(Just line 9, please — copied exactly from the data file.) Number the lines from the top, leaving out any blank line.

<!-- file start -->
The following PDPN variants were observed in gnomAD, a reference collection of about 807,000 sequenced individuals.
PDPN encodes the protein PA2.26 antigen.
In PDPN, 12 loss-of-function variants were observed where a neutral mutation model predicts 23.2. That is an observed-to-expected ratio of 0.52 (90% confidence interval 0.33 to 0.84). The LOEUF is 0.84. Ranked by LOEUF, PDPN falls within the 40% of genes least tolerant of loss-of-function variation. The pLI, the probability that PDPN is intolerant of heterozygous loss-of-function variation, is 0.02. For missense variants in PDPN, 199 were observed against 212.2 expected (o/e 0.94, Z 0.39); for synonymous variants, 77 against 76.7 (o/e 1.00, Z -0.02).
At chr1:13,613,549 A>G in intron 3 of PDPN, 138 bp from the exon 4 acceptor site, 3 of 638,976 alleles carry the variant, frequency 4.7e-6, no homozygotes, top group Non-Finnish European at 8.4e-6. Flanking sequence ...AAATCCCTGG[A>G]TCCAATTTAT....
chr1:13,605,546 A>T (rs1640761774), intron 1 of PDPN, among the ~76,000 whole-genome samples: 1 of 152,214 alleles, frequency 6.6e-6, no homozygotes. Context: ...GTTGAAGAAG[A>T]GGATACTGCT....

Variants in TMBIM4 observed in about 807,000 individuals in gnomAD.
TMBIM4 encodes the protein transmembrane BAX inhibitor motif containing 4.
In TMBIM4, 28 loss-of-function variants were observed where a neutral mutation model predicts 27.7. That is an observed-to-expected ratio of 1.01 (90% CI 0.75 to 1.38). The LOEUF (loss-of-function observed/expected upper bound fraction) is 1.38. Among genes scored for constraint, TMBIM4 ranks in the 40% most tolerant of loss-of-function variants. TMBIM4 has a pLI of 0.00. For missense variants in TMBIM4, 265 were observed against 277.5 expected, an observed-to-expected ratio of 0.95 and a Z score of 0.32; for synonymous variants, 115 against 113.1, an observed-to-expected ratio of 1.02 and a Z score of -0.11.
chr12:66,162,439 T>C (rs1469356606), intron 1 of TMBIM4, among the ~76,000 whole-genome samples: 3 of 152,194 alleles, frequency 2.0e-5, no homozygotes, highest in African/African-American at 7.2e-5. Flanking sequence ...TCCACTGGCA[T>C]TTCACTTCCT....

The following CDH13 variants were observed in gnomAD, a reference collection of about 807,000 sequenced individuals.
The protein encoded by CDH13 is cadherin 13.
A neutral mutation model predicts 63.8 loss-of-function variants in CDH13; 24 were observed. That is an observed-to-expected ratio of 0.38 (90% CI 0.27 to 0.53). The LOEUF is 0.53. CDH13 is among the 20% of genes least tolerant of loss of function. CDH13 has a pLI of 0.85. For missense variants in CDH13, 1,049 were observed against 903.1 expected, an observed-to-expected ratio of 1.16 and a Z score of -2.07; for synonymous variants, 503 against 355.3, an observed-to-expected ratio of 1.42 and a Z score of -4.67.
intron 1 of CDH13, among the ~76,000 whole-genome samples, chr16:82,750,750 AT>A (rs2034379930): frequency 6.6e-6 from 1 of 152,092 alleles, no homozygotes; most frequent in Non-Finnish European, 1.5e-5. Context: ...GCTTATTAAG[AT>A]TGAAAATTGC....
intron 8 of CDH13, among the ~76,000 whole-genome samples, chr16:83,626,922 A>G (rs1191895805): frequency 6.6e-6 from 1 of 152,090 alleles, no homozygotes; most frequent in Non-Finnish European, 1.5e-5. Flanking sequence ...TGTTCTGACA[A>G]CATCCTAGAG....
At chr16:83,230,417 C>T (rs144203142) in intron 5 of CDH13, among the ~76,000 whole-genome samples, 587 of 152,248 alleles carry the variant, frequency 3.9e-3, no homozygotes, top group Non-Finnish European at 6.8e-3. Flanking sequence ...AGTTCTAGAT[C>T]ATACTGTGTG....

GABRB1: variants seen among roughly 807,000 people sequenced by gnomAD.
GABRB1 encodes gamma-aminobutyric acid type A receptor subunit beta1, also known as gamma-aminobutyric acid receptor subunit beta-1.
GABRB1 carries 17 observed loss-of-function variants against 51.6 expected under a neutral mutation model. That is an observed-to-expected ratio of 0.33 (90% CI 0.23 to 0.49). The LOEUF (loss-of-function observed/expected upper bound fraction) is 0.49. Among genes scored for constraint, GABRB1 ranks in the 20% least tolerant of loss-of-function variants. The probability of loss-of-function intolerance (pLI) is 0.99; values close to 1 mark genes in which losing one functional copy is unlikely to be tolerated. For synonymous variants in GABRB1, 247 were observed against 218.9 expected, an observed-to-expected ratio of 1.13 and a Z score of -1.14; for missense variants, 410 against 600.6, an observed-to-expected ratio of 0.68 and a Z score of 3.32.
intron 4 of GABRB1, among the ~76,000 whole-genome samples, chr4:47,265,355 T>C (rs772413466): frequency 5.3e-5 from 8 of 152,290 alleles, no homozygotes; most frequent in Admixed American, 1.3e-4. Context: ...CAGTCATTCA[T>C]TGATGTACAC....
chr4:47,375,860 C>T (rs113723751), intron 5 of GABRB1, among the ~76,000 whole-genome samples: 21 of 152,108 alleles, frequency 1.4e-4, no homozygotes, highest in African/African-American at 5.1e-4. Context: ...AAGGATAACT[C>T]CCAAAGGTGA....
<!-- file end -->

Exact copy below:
chr12:66,162,439 T>C (rs1469356606), intron 1 of TMBIM4, among the ~76,000 whole-genome samples: 3 of 152,194 alleles, frequency 2.0e-5, no homozygotes, highest in African/African-American at 7.2e-5. Flanking sequence ...TCCACTGGCA[T>C]TTCACTTCCT....